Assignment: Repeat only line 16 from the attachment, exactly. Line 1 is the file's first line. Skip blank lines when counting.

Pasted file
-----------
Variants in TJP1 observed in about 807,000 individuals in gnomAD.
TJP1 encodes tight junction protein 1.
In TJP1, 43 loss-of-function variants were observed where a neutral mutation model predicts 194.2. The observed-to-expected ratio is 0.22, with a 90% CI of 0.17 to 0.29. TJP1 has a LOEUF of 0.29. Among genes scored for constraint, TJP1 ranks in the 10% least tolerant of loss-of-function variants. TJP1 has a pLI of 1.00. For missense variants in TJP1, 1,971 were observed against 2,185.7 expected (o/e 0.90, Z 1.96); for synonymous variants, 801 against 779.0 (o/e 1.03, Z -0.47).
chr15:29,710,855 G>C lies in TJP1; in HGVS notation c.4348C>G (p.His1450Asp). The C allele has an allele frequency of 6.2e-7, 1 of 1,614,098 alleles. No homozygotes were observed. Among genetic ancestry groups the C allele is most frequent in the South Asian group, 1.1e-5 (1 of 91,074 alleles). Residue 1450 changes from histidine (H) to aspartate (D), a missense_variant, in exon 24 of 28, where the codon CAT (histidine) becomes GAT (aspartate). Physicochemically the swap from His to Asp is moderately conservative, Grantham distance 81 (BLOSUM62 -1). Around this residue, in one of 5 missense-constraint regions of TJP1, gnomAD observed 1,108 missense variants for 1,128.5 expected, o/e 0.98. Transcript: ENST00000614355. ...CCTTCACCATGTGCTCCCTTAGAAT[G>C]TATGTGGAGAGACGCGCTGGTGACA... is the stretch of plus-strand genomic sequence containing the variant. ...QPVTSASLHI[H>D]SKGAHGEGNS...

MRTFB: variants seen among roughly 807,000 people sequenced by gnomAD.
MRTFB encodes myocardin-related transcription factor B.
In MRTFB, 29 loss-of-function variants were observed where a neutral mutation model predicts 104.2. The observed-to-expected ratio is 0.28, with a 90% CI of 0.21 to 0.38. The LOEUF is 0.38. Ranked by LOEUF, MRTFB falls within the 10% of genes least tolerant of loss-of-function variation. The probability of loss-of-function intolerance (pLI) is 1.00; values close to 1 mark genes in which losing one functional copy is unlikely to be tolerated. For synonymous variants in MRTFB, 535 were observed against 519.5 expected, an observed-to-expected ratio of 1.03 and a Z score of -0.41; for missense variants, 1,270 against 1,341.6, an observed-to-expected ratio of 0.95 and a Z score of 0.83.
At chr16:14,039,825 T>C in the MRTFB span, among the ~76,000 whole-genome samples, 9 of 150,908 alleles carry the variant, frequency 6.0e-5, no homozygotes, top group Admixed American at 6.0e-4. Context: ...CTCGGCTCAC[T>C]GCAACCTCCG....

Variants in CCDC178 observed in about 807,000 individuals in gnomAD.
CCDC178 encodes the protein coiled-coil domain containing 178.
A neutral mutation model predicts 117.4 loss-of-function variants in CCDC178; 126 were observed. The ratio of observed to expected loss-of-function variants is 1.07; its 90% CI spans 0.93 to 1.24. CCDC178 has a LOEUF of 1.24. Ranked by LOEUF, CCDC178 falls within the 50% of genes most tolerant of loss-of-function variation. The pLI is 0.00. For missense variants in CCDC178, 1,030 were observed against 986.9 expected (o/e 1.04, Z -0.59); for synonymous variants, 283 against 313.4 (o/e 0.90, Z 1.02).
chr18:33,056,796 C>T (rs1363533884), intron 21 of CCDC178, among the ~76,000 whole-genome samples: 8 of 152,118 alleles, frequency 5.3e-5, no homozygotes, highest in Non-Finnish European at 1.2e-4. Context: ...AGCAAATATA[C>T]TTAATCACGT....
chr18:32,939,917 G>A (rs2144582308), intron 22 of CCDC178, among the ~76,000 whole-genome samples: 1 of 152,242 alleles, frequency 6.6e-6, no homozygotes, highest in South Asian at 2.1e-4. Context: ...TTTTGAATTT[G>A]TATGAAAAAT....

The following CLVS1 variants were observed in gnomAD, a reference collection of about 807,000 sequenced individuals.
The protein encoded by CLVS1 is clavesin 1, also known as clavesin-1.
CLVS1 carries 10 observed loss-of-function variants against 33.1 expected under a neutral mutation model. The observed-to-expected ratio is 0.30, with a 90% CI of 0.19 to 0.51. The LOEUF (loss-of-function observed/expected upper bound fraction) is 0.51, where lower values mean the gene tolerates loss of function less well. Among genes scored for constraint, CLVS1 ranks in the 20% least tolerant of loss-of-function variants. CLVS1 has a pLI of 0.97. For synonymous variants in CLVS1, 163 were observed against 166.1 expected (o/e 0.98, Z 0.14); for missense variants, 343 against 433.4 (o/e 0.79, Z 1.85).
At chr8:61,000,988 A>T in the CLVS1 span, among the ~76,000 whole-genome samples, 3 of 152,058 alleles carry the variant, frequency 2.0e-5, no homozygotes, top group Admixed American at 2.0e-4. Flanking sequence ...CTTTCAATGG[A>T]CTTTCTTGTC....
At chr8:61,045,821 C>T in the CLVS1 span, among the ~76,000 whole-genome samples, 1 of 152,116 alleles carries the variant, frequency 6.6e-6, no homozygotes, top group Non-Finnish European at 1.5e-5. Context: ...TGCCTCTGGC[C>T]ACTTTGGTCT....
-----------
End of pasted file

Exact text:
CLVS1 carries 10 observed loss-of-function variants against 33.1 expected under a neutral mutation model. The observed-to-expected ratio is 0.30, with a 90% CI of 0.19 to 0.51. The LOEUF (loss-of-function observed/expected upper bound fraction) is 0.51, where lower values mean the gene tolerates loss of function less well. Among genes scored for constraint, CLVS1 ranks in the 20% least tolerant of loss-of-function variants. CLVS1 has a pLI of 0.97. For synonymous variants in CLVS1, 163 were observed against 166.1 expected (o/e 0.98, Z 0.14); for missense variants, 343 against 433.4 (o/e 0.79, Z 1.85).